Revew [of McPherson and Schapiro]

Eric A. Hanushek
Published Date
Economics of Education Review
pp. 187-188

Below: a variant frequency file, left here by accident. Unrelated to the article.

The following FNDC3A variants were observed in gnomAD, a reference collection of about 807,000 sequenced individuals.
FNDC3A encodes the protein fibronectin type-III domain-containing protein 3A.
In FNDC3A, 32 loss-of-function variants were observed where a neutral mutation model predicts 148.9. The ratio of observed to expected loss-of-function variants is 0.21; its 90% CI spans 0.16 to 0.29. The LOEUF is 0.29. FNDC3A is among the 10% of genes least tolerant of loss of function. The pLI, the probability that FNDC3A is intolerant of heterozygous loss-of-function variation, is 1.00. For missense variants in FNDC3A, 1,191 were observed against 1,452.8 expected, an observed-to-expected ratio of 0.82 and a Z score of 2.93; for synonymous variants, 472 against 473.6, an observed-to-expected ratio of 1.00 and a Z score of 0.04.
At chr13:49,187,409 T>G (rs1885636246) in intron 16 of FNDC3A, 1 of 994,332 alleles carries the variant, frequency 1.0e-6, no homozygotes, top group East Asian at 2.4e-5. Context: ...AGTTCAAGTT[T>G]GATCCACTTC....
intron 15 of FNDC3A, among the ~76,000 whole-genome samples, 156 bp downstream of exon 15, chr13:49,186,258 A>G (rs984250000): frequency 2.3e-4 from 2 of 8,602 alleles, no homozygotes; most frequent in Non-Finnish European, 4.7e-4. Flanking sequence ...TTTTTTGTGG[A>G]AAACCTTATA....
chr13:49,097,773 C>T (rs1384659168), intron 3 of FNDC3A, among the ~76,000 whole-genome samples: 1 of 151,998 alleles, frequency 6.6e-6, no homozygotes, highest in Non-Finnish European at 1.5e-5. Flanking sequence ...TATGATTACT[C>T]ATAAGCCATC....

Keeping College Affordable: Government and Educational Opportunity. By MICHAEL S. MCPHERSON and MORTON O. SCHAPIRO. Washington, DC: The Brookings Institution, 1991. GOOD BOOKS on higher education are hard to find. For that reason, this book - a good one - deserves considerable attention. This book has three major sections. There is an insightful empirical analysis of higher education finances This is followed by a thoughtful and balanced discussion of policy options. Finally, there is a quite radical set of proposals representing the authors’ guide to reorganizing higher education finance and, maybe, the entire structure of the sector. The major empirical chapters deal with today’s most discussed issues of higher education finance. Chapter 2 provides a nice picture of enrollment and finance in higher education over the postwar period. The changing picture of student support IS set out in an illuminating way. The analysis smce the mid 1970s provides details of how school costs and financing interact urlth family income This analysis relies chiefly on the Amencan Freshman Survey. It thus offers a different view from the more commonly used Current Population Survey (CPS), trading a nonrepresentative sample of students for a more complete treatment of independent students for whom parental incomes are unavailable in the CPS. The picture that emerges is one of U-shaped net costs to students: a steady fall during the 1970s is balanced by a sharp and steady rise during the first half of the 1980s. The relationship between college costs and enrollments rates is the subject of Chapter 3. McPherson and Schaplro present new econometric evidence about how tmtlons affect enrollment using aggregate panel data from 1974 to 1984 on white enrollment rates by income and sex. This analysis demonstrates the particular sensitivity of the low income population to price changes for schooling. There IS, however, one aspect of the analysis that escapes attention. The period 1974 to 1984 1s one of rapidly rising income advantage for college completers, yet changes m benefits never enter into the analysis of college attendance declslons Neither are the large changes m unemployment rates of the period, even though these would be expected to alter the opportunity costs of college attendance. The omission of these factors might well be explained by the limited data available, but it IS difficult to accept that they were not an important ingredient m the attendance picture. Chapter 4 1s a very interesting drscussion and analysis of institutional behavior The simple question, raised to natlonal debate m recent years, is whether the form and level of student aid directly affects the tuition and behavior of colleges and umversltles In simplest terms, they fmd that schools respond, but they do so m quite different ways than the public discussion has suggested. Chapter 5 considers details of the attendance pattern, specifically concentrating on what 1s happemng at elite schools. Their findings are fairly straightforward, even if the pohcy lmphcations related to them are not First, high quality students (those with high SAT scores) have roughly unchanged access to elite schools even though tuition charges have risen noticeably. Second, middle and lower income students of lower quality have less access to ehte schools These findings are clear, but become a bit muddled when intertwined with a variety of potential policy issues The central pohcy ambiguity 1s whether all students, regardless of mcome or ability, should have equal access to expensive elite schools. The final emplrical chapter provides various proJectIons of the future of college costs The results here are fairly clear under plausible scenarios, college costs will not 188 Book Reviews become an immediate crisrs Nevertheless, costs ~111 become increasingly Important for non-aided students. Chapters 7 and 8 provide some of the clearest, most dispassionate analyses of policy Issues and options that I am aware of. Perhaps because most analyses of hrgher education are done by people who are directly affected by the outcomes, the majority of policy options supenmpose strong beliefs, wishful thinking, and the hke on the analysrs. McPherson and Schaprro’s analysrs guide us through the issues and optrons in an enhghtened and msrghtful way. It should be the starting point for anybody thinking about financial policy in higher educatron. The final chapter of the book goes to the really btg Issues. They come out wrth a flat and unequivocal recommendatron for federahzatron of higher educatron student finance. This conclusron, which obvrously goes far beyond their empirical analysis or even their prior chapters on pohcy options, really stands apart from the rest of the book. I personally subscribe to parts of their argument - the lessening of current pubhc-private distortions, the applications of general fiscal federahsm arguments for doing income redistribution at the highest level of government, and so forth On the other hand, I think they too cavalierly dismrss issues such as the impact of contmumg federal deficits This chapter, which surely will be very controversial, IS thought-provokmg - but It 1s also a conclusion that goes well beyond the prior analysis. This book is essentral readmg for anybody who wants to understand student financing m higher educatron It is careful, it is insightful and it provrdes invaluable help in framing the issues. At the same time, whde a bit unfair to the authors, I cannot help but point out my problem with vutually all analyses of the economrcs of higher education. This exceptronal book follows one bit of tradmon m higher educatron work. It never says anything about quality, the measurement of output, or the production function for higher education. The closest it comes IS to separate elite colleges and universities from the non-ehte or to separate public and private. Are these good summary indicators of quahty or performance? Clearly the economics of hrgher education must address these issues at some point ERIC A. HANUSHEK